The Road to the Future
In 2012, the manufacturing industry first heard the term “Industry 4.0.” It was the harbinger of a change also known as the “4th industrial revolution”. In the smart factories of the modern age, processes are increasingly automated, systems and facilities analyze themselves, and connected AI monitoring programs communicate with each other and their human co-workers. This enables faster, smoother processing that frees the human participants for tasks that require a human touch. Audi, the auto manufacturer, is making its production fit for the future with a smart factory driven by connected systems and big data. Humans and robots work together to build cars in a modular environment, leveraging several high tech features such as virtual reality.
The security industry is on a similar evolutionary path - let’s call it Security 4.0. But the security industry is not as far along as the manufacturing world. While the most efficiently run security programs in the world today deploy connected systems and processes communicating autonomously and providing relevant data to the security professionals tasked with protecting personnel and property from harm, many security programs are still highly manual and almost entirely human-based. They do not take advantage of the benefits of efficiency that automation, artificial intelligence, analytics, and machine learning can bring to augment the human capacity to monitor and react more quickly, more intelligently, and with more preparation to security incidents as they happen.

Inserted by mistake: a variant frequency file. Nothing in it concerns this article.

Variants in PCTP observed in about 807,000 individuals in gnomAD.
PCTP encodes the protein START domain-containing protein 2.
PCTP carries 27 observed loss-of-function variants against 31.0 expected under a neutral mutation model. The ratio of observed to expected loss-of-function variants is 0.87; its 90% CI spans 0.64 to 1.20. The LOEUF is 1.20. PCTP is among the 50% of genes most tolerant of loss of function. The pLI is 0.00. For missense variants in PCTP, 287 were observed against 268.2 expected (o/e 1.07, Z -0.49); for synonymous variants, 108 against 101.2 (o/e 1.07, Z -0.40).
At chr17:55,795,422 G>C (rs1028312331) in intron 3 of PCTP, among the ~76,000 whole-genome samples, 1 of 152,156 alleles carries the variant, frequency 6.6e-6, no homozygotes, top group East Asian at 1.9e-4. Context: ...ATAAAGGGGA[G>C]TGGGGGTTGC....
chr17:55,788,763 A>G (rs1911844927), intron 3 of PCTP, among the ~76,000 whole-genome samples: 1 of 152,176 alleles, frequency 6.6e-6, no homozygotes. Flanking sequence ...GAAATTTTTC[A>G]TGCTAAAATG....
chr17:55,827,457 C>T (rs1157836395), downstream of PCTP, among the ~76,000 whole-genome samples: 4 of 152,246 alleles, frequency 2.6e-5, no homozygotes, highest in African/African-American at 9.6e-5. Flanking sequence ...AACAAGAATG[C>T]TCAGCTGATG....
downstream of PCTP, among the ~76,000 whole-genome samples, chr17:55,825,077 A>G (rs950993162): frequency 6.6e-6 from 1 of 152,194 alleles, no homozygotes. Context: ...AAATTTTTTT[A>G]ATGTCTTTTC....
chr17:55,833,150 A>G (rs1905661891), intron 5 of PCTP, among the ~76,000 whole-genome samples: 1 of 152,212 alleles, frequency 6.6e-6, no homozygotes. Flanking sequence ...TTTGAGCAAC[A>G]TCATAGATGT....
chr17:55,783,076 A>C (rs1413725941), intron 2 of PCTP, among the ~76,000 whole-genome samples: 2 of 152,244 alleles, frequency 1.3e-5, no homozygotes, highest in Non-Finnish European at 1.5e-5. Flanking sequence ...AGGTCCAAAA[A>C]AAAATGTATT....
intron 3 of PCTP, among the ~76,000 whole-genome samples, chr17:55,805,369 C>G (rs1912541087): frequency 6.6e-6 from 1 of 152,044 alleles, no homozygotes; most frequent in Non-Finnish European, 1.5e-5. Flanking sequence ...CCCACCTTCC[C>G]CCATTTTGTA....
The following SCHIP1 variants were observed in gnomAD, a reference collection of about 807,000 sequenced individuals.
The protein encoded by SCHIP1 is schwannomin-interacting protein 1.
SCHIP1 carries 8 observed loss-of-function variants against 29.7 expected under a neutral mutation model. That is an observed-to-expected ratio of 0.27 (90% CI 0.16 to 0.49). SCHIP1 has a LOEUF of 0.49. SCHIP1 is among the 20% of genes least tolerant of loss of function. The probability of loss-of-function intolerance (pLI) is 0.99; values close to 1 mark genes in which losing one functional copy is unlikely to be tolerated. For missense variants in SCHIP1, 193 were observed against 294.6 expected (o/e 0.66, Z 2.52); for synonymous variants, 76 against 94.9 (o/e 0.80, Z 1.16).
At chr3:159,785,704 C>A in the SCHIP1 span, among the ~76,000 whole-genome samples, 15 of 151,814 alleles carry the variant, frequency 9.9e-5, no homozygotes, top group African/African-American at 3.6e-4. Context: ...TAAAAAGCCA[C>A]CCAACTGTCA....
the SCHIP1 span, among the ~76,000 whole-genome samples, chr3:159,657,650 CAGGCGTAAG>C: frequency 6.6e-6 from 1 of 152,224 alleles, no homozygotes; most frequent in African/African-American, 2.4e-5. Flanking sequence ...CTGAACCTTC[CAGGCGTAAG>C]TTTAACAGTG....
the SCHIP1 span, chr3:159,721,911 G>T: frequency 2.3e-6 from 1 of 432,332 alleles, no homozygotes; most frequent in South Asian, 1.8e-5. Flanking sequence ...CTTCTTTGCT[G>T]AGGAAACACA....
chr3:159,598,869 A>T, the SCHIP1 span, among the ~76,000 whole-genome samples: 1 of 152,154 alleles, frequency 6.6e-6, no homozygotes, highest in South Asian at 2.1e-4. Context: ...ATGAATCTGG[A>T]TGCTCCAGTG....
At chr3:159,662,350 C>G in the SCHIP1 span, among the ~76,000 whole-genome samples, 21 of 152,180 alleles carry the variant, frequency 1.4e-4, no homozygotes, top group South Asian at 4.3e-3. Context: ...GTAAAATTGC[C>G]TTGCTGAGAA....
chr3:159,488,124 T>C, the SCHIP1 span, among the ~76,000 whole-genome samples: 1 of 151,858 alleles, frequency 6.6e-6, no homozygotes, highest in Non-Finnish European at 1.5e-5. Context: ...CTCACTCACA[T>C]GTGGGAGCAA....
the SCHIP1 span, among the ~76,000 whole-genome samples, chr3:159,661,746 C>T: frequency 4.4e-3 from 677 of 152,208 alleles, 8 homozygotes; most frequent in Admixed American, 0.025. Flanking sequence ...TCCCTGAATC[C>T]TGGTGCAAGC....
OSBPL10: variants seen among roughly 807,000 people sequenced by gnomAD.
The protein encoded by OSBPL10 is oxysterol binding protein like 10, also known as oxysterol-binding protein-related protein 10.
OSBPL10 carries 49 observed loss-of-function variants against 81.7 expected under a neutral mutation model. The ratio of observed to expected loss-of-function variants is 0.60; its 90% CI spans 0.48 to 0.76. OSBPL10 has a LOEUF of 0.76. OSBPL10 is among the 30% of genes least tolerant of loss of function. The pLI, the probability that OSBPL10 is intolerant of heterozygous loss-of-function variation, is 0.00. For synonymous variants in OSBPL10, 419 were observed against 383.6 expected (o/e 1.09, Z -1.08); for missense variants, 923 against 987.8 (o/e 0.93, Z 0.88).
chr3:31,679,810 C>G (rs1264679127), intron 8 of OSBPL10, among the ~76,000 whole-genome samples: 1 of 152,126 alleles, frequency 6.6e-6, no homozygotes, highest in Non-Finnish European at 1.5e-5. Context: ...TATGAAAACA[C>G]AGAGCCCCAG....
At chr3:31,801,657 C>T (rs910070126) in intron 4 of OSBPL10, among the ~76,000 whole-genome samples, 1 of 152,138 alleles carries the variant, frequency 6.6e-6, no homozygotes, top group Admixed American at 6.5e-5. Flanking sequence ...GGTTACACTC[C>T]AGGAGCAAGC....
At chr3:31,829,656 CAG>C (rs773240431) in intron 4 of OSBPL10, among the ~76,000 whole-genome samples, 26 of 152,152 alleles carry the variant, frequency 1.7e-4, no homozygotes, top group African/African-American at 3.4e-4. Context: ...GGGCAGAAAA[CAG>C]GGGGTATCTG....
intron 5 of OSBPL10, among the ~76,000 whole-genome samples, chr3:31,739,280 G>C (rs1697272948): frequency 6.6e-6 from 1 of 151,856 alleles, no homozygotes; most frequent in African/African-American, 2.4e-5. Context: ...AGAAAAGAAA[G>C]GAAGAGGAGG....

As with any revolution, the modern industrial revolution has not been without its issues and problems along its 200 year journey, but the benefits have been substantial. As we evolve to Security 4.0 we must have an understanding that the path will be long and will require careful planning. As an industry, security must be mindful of taking an untried path, to avoid opening up security risks as we make the transition. If done correctly, our transition will bring similar benefits in efficiency, effectiveness, and overall empowerment for the human side of the human-technology team. We can see the embodiment of the journey on the horizon as the “Connected Security Program,” but there are roadblocks along the way.